Farmworkers March across New York State for the Right to Organize

Farmworkers and allies march through a downtown Manhattan farmers market. They are marching 200 miles from Long Island to Albany to demand equal rights for farmworkers. Photo: Sonia Singh

Pablo Cruz did not slow his pace as he led marchers across the Brooklyn Bridge on May 21—although he had been marching for seven days straight.

Cruz, who has worked on farms for 20 years, is one of dozens of people who’ve spent the past two weeks marching from Long Island to Albany to demand the same rights already guaranteed to workers in other industries. They are closer than they’ve ever been to getting a farmworkers’ bill of rights passed in New York state.

The 18-day march is scheduled to wrap up today with a big rally in Albany.

“The goal of this march is so that those who harvest vegetables and flowers are treated the same as any other person,” said Cruz. “We are all human beings, and we need better treatment.”

LEFT OUT

When the National Labor Relations Act and the Fair Labor Standards Act were enacted in the 1930s, farmworkers and domestic workers were explicitly excluded. At the time, the majority of farmworkers and domestic workers were African American, and Congress bowed to pressure from Southern lawmakers to keep these workers out.

Nationally, farmworkers still have no protected right to organize, to a fixed workday, or to overtime pay.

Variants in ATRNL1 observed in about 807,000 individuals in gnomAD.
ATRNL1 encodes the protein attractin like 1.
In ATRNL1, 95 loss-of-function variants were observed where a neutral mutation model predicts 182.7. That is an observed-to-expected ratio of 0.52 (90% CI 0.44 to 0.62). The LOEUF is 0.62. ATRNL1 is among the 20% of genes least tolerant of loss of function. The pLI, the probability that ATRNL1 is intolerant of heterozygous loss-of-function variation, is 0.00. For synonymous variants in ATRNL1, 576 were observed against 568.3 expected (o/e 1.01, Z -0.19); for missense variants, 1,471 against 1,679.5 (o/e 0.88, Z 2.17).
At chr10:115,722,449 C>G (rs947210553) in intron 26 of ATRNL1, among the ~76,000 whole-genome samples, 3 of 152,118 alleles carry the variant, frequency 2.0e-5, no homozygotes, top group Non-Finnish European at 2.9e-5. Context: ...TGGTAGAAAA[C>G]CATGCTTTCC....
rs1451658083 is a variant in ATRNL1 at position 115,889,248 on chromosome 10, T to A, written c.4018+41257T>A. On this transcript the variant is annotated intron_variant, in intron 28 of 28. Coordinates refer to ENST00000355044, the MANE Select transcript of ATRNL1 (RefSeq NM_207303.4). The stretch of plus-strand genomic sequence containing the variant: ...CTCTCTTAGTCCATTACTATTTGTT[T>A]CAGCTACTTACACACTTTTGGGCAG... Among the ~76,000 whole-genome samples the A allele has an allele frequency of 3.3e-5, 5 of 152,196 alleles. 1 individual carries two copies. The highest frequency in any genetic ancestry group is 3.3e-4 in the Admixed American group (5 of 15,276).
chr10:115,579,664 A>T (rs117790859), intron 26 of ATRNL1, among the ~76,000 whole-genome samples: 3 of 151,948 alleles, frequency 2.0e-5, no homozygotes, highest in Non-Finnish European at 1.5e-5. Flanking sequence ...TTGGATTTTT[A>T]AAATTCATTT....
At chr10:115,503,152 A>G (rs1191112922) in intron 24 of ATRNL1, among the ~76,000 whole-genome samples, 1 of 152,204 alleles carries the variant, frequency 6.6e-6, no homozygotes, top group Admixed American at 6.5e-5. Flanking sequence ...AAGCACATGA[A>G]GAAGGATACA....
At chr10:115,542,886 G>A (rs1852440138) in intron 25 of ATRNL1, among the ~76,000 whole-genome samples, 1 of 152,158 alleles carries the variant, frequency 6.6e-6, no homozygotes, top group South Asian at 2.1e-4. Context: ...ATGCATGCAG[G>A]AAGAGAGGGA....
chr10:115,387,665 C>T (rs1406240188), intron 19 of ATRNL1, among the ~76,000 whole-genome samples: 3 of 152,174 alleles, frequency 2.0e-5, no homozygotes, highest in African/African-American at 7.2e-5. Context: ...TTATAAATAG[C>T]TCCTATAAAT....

“Even if you work 100 hours, it’s still just the regular salary,” says Cruz, who left his latest job harvesting tomatoes to participate in the march. It staggers him to think how much employers are saving by not having to pay overtime to farmworkers, who often are required to work long hours.

Cruz does the math aloud and calculates that, with a 14-hour work day, growers are saving at least $175 a week in unpaid overtime.

“That’s what employers are pocketing from just one person every week. With eight people, how much are they walking away with?”

CLUSTERED ON BIG FARMS

Agriculture is a multibillion-dollar industry in New York. With a growing dairy industry upstate, New York is now the nation’s leading producer of yogurt, cottage cheese, and sour cream. Orchards and vegetable farms are booming in the Hudson Valley; so are nurseries and vineyards in Long Island. After California, New York is the second-largest producer of wine.

While the majority of farms in the state are small, the majority of workers work on large farms, says Katia Chapman, an organizer with Rural and Migrant Ministry, the principal sponsor of the march.

Workers often live in farmer-provided housing, crammed into tiny quarters with little privacy. Health and safety is another key issue, in an often dangerous industry.

“When they spray pesticides, workers get sick,” says Cruz. “But the boss won’t pay. You have to pay the doctor yourself, because workers don’t have insurance.”

Rural and Migrant Ministry does outreach on farms, inviting workers to come to community events and then attend follow-up trainings. The group also partners with local churches and other community groups to set up outreach tables.

Through this ongoing work, the organization has built up a core group of farmworker leaders. But it’s hard to keep building momentum when there’s a lot of turnover, Chapman says. Key leaders have had to go back home, or migrate to other states in search of work.

Although farmworkers have no legal protection against retaliation, Cruz says his co-workers do still raise concerns with the boss. But the response is always the same: “If you don’t like it you can leave.”

BILL OF RIGHTS